WHOIS Accuracy Rates are slowly improving, as reflected in the latest Preliminary Findings paper [PDF, 668 KB] published by the National Opinion Research Council (NORC) at the University of Chicago.
These findings suggest that there is still more work to be done to bring up accuracy rates. After examining nearly 100,000 WHOIS records, NORC’s Preliminary Findings highlight important observations regarding the Pilot Study:
- Operationally, Registrars under the 2013 RAA have more accuracy for email addresses than Registrars under the 2009 RAA;
- New gTLDs have slightly better operational email accuracy rates than prior gTLDs;
- Prior gTLDs have more operational accuracy on telephone numbers, but the two groups are equal on operational postal address accuracy.
The fact that New gTLDs have better email accuracy really stems from the first point. That is because all New gTLDs only operate under the 2013 RAA from the start as only registrars that have signed the 2013 RAA are allowed to register new domains.
The problem is that this slightly better email accuracy has lead to a lot of domains and websites being suspended. Registrars are not ready to do the required validation and domain owners are punished for that.
The All Things WHOIS Session at ICANN 51 in Los Angeles explored these findings in detail: All Things WHOIS – Now and in the Future – Presentation.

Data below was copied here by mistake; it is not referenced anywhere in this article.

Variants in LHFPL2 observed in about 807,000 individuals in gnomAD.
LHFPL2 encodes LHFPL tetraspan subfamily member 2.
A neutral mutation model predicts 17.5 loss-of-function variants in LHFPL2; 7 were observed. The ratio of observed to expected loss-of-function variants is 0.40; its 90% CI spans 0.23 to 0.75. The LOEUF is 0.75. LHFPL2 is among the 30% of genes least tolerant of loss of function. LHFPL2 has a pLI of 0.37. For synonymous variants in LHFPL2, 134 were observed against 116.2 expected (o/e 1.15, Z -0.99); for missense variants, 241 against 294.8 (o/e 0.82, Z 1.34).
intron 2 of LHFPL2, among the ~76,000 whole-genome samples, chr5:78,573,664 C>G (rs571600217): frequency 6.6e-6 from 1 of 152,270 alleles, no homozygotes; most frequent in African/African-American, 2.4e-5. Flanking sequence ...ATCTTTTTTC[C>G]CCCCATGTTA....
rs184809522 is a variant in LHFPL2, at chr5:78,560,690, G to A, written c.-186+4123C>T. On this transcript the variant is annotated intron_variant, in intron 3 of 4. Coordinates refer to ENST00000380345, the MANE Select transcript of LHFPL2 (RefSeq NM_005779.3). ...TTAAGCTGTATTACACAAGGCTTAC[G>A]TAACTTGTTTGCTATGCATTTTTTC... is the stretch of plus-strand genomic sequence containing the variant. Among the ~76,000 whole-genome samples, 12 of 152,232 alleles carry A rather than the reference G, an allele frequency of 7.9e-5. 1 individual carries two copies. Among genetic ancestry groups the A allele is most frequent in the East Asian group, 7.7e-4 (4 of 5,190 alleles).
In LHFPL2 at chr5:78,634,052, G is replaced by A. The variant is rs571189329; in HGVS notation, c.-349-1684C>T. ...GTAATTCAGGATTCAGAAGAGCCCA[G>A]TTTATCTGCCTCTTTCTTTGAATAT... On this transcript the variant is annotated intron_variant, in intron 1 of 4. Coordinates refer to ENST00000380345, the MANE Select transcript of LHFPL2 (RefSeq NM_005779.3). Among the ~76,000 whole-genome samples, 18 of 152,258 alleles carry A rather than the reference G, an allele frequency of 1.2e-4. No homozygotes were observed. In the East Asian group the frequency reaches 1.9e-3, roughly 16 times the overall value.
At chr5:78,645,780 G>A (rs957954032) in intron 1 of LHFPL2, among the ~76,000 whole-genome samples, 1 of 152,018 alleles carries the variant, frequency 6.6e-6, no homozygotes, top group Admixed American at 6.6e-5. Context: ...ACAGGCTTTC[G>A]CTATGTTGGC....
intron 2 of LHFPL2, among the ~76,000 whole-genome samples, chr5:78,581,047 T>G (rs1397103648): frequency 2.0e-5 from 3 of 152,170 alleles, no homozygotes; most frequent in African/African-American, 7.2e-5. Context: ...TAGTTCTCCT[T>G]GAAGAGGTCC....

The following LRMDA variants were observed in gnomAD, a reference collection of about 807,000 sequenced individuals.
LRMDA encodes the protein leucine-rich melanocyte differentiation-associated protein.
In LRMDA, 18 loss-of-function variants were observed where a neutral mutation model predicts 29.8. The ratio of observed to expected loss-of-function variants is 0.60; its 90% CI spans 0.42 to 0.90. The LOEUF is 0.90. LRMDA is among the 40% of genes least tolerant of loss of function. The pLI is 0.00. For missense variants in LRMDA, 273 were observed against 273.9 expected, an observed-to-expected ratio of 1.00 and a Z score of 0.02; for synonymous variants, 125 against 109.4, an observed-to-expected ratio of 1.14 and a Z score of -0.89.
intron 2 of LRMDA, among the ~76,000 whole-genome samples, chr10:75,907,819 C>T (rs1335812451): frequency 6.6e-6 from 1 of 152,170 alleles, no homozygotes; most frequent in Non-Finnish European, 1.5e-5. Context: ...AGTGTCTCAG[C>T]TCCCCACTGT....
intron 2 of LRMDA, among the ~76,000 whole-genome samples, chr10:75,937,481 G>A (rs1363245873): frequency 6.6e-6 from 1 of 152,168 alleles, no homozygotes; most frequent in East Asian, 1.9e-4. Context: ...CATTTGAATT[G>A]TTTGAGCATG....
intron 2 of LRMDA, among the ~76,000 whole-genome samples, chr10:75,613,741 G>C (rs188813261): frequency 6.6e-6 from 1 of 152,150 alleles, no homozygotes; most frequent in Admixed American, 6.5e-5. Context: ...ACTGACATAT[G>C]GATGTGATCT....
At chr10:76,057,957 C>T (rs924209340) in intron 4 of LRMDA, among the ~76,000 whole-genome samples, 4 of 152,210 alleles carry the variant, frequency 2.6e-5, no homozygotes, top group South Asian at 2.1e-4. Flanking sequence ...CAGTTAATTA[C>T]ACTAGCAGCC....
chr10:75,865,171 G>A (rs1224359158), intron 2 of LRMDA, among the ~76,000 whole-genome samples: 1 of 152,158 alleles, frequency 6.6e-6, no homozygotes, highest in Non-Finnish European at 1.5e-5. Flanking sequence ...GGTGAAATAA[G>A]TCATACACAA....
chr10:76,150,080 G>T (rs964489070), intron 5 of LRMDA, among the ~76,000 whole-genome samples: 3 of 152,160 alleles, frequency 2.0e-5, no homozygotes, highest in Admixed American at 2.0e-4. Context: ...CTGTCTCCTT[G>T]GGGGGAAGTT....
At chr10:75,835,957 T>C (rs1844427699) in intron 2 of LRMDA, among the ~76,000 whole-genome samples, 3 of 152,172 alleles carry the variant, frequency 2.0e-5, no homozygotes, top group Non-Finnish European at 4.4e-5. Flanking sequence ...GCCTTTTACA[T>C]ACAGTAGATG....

The Preliminary Findings paper [PDF, 668 KB] describes the analysis conducted by NORC, after collaborating with intergovernmental and private sector firms. Relying on expertise from the Universal Postal Union, the UN agency responsible for coordinating global postal policies, and commercial service providers such as StrikeIron, DigiCert and Whibse, NORC applied the latest technology available to validate email addresses, telephone numbers and postal addresses to varying degrees, each at a syntactical and operational level. This expertise is reflected in the methodology adopted by NORC in assigning the different accuracy rates described in the Preliminary Findings paper.
The purpose of the Pilot Study is to test assumptions using real data. The methodology can be adjusted based upon the consultations in Los Angeles, as well as the public comments received. The paper [PDF, 668 KB] is published for the LA Meeting to demonstrate how ICANN’s WHOIS Accuracy Reporting System (ARS) is being designed.
ICANN turned to NORC to design, work with validation providers, and conduct the analysis necessary to produce and deliver this analysis. NORC’s past accuracy studies influenced the WHOIS Review Team. The Review Team’s Final Report called for ICANN to publish ongoing statistics on WHOIS accuracy.
The Pilot study examines accuracy levels by applying syntactic validation and operation validation tests to a Registrant’s postal address, email, and telephone numbers listed in a WHOIS record. Although the study did not attempt to apply identity validation techniques, ICANN is exploring the feasibility of including identity validation in subsequent development phases of the ARS.
The sample sizes used in the Pilot Study is described in the chart below:
|Data Element||Syntactic Validation||Operational Validation|